Looking back, Dad said to his three children, “I didn’t raise you; your mother raised you.” He was thinking of the 1950s and 1960s, a focus on getting his business off the ground and responding to the challenges of staying in business. He had an ideal of perfection no one else could meet; he did much of the work himself in long hours Monday through Friday plus Saturday mornings to do the books. On later reflection he had an uneasy view of it. What he didn’t realize, though we tried to tell him, was that he absolutely did raise us! He set an example of how to be the salt of the earth, a person who gets things done, who shows love to others rather than talks about it, who never yelled at his children, and always had a soft spot for them and for their friends and for our pets. His lifelong interest in science, gardening, birds, travel, fishing, and politics pointed the way for us, too. Those times he was able to pry himself away from the business and be with his growing children were precious, much enjoyed, and much appreciated.
A man passes through many stages. What Dad never lost from youth to old age was a curiosity, an openness. His thinking never ossified. He began life accepting what the Catholic Church of the time taught him, but if something didn’t sit right, the older he got the more he would think about it rather than blindly accept. Sometimes this was uncomfortable but he didn’t shrink from that. He felt despite some teachings he had received to the contrary, God is a God of love more than anything. Dad felt that when it came to faith, love outweighed everything, and everyone is included regardless of skin color, sexual orientation, or anything else.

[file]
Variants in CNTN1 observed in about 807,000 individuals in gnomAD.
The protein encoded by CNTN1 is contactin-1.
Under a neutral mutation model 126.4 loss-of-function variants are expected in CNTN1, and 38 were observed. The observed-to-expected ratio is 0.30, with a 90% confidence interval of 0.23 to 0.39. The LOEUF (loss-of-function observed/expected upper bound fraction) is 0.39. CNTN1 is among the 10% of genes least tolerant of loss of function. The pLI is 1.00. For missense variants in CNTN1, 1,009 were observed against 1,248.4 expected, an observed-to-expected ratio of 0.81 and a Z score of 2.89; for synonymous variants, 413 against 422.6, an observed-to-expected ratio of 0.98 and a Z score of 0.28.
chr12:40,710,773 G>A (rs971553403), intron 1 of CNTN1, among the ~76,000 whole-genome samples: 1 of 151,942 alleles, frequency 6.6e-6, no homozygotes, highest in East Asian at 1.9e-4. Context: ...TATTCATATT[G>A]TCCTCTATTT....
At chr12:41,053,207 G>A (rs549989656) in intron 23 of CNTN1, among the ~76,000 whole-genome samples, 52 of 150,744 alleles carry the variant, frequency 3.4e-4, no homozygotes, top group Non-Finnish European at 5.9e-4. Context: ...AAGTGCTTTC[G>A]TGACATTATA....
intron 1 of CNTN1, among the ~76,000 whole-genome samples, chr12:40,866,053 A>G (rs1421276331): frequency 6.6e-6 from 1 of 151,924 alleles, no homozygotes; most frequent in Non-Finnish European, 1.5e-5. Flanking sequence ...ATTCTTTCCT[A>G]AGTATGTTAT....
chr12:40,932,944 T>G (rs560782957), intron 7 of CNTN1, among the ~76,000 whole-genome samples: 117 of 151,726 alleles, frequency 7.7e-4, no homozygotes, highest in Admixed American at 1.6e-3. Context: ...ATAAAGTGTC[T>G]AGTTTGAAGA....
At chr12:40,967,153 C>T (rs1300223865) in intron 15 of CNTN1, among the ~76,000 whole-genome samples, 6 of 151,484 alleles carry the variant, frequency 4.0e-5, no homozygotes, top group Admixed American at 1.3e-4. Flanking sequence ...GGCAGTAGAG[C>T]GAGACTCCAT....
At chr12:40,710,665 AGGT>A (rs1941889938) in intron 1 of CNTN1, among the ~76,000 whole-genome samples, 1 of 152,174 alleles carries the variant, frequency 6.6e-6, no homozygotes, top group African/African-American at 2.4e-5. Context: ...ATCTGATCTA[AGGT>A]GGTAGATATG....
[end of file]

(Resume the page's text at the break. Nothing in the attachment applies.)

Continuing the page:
As Don’s descendents, we can only hope to do our best to live up to the ideals set by him and to continue the love he brought to this earth.
Don was the loving father of Donald P. Hayes, Jr. of Lowell; Diane A. Traynor and her fiance, David C. Caponera, both of Merrimack, New Hampshire; and Melanie Grace Nesheim and her husband, William A. Nesheim of Windham, New Hampshire. Don was the devoted brother of Ruth Castor of Boscawen, New Hampshire. He leaves nine grandchildren, Noelle Morin, Louise Beal, Sarah Barr, Patrick Traynor, Erin Barrett, Heather Hayes, Jill Hayes, Brendan Nesheim, and Amelia Sreter; fifteen great-grandchildren, Daniel, Michael, Sean, Dyllon, Mason, Luke, Malcolm, Gideon, Zecheriah, Alexander, Molly, Charlotte, Judah, Paloma, and Sabine; and many nieces and nephews. He was also the brother of the late Marguerite J. Jarvis and Leon Hayes.
Don’s funeral Mass will be celebrated in St. Michael Parish, 196 Main Street, North Andover, MA on Friday, December 16, 2016, at 10 a.m. Relatives and friends are most welcome to attend. Calling hours will be held in the Burke-Magliozzi Funeral Home, 390 North Main Street, Andover, MA on Thursday, December 15, 2016, from 4 to 8 p.m. Interment will be held in the Spring Grove Cemetery in Andover, Mass. Donations in lieu of flowers may be made to the American Military Heritage Foundation, Inc., P.O. Box 29061, Indianapolis, IN 46229. This 501(c)(3) non-profit keeps a WWII airplane flying, the type Don flew.
For additional information, please visit www.burkemagliozzi.com.
Published on  December 11, 2016